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Metabolically healthy obesity (MHO) in the Malmö diet cancer study - Epidemiology and prospective risks

Korduner, Johan LU ; Bachus, Erasmus LU ; Jujic, Amra LU ; Magnusson, Martin LU and Nilsson, Peter M LU (2019) In Obesity Research and Clinical Practice
Abstract

BACKGROUND/AIMS: Metabolically healthy obesity (MHO) remains controversial, since the underlying mechanisms behind this phenotype remain unclear. We aimed to investigate the characteristics of MHO, as well as prospective risks.

METHOD: A cross-sectional analysis was carried out in a subsample of 3812 obese subjects selected from the Malmo diet cancer study (n=28,403). Subjects with MHO (n=1182) were defined by having no records of hospitalization for somatic disorders prior to baseline examination. MHO subjects were further compared to subjects with metabolically unhealthy obesity, MUO (obese individuals with at least one recorded hospitalization: n=2630), and all non-obese cohort controls (NOC; n=24,591). Moreover, prospective... (More)

BACKGROUND/AIMS: Metabolically healthy obesity (MHO) remains controversial, since the underlying mechanisms behind this phenotype remain unclear. We aimed to investigate the characteristics of MHO, as well as prospective risks.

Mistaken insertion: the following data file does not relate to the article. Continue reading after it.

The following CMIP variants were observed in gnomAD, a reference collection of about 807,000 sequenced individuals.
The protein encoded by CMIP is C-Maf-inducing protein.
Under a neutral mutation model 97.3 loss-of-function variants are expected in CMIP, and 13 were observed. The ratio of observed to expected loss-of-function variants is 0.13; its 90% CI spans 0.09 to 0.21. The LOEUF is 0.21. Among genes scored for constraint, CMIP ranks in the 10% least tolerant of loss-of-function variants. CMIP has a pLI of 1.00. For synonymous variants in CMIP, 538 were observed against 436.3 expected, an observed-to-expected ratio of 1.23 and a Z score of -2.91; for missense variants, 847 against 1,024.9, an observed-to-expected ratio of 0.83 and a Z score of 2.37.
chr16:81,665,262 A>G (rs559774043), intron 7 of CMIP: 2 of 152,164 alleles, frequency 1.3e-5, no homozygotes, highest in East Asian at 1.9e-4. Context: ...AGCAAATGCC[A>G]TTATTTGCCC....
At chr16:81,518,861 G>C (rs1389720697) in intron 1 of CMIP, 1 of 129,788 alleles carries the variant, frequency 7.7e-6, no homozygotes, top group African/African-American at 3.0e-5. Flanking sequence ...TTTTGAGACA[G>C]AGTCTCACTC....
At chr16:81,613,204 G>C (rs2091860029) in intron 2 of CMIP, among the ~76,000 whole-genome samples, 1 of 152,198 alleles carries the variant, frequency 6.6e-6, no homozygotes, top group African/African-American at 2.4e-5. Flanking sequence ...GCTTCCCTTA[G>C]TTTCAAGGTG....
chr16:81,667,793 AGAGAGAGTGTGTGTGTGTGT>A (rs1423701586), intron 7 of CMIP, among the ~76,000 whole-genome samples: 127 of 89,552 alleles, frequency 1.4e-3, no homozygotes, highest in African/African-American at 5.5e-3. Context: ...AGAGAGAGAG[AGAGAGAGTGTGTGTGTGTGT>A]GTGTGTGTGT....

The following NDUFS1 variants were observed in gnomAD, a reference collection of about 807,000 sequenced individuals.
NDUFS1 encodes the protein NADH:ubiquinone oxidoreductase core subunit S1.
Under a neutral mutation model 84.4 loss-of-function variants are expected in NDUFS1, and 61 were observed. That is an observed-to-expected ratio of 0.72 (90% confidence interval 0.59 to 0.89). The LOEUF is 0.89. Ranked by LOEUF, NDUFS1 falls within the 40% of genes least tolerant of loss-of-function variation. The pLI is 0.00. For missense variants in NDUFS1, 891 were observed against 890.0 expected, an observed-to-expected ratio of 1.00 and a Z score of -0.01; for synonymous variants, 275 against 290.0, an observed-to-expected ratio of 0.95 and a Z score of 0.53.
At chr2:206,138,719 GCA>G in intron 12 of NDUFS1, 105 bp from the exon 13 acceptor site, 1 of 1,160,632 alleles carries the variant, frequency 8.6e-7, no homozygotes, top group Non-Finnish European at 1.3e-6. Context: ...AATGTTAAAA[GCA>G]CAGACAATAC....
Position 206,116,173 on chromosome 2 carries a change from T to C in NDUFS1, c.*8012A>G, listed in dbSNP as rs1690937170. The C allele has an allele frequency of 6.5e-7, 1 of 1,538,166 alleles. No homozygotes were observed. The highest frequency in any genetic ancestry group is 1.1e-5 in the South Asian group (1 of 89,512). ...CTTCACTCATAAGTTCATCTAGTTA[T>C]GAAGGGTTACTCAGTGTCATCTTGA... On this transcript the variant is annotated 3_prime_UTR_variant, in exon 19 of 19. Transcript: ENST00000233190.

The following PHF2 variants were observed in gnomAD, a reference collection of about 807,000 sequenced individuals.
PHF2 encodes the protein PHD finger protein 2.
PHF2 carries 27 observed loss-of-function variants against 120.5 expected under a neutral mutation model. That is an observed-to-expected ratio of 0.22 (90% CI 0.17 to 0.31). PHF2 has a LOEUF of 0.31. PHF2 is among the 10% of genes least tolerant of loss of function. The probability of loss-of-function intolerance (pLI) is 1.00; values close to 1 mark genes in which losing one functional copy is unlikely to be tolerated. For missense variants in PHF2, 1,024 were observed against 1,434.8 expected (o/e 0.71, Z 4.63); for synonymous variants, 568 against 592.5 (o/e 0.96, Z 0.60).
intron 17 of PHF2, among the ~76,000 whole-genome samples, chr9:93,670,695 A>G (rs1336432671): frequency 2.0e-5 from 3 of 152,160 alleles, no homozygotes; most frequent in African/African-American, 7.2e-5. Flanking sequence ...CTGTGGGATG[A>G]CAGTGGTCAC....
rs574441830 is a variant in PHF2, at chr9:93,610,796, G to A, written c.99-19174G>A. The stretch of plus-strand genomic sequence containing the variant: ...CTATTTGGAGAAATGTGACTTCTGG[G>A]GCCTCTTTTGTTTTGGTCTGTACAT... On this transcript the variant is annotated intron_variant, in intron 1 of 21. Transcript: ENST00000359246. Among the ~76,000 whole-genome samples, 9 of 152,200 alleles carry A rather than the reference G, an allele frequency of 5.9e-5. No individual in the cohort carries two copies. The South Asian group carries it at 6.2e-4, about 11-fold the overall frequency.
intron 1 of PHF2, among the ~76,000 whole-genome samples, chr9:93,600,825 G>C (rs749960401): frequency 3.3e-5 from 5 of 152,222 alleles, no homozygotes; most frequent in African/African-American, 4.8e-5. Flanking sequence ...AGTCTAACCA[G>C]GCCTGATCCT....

METHOD: A cross-sectional analysis was carried out in a subsample of 3812 obese subjects selected from the Malmo diet cancer study (n=28,403). Subjects with MHO (n=1182) were defined by having no records of hospitalization for somatic disorders prior to baseline examination. MHO subjects were further compared to subjects with metabolically unhealthy obesity, MUO (obese individuals with at least one recorded hospitalization: n=2630), and all non-obese cohort controls (NOC; n=24,591). Moreover, prospective risk analyses for incident cardiovascular (CV) morbidity and mortality were carried out.

RESULTS: Compared to MUO individuals, MHO individuals reported a significantly lower proportion of sedentary life style (p=0.009), but also significantly lower HbA1c (p=0.012), fasting glucose (p=0.001) and triglyceride levels (p=0.011) than MUO. Cox-regression analysis (follow-up 20±6 years) showed both a significantly lower all-cause mortality risk for MHO individuals as compared to MUO (p=0.001), as well as lower incident CV morbidity risk (p=0.001). When comparing MHO individuals to NOC, there were no significant differences in neither mortality risk nor incident CV morbidity risk.

CONCLUSION: Compared to MUO individuals, MHO individuals presented with a higher level of physical activity, a more favorable lipid- and glucose profile and a lower prospective risk of total mortality and CV morbidity during 20-years follow-up. Notably, no significant differences could be seen in mortality and CV morbidity risks when comparing MHO subjects to non-obese controls.

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author
organization
publishing date
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Contribution to journal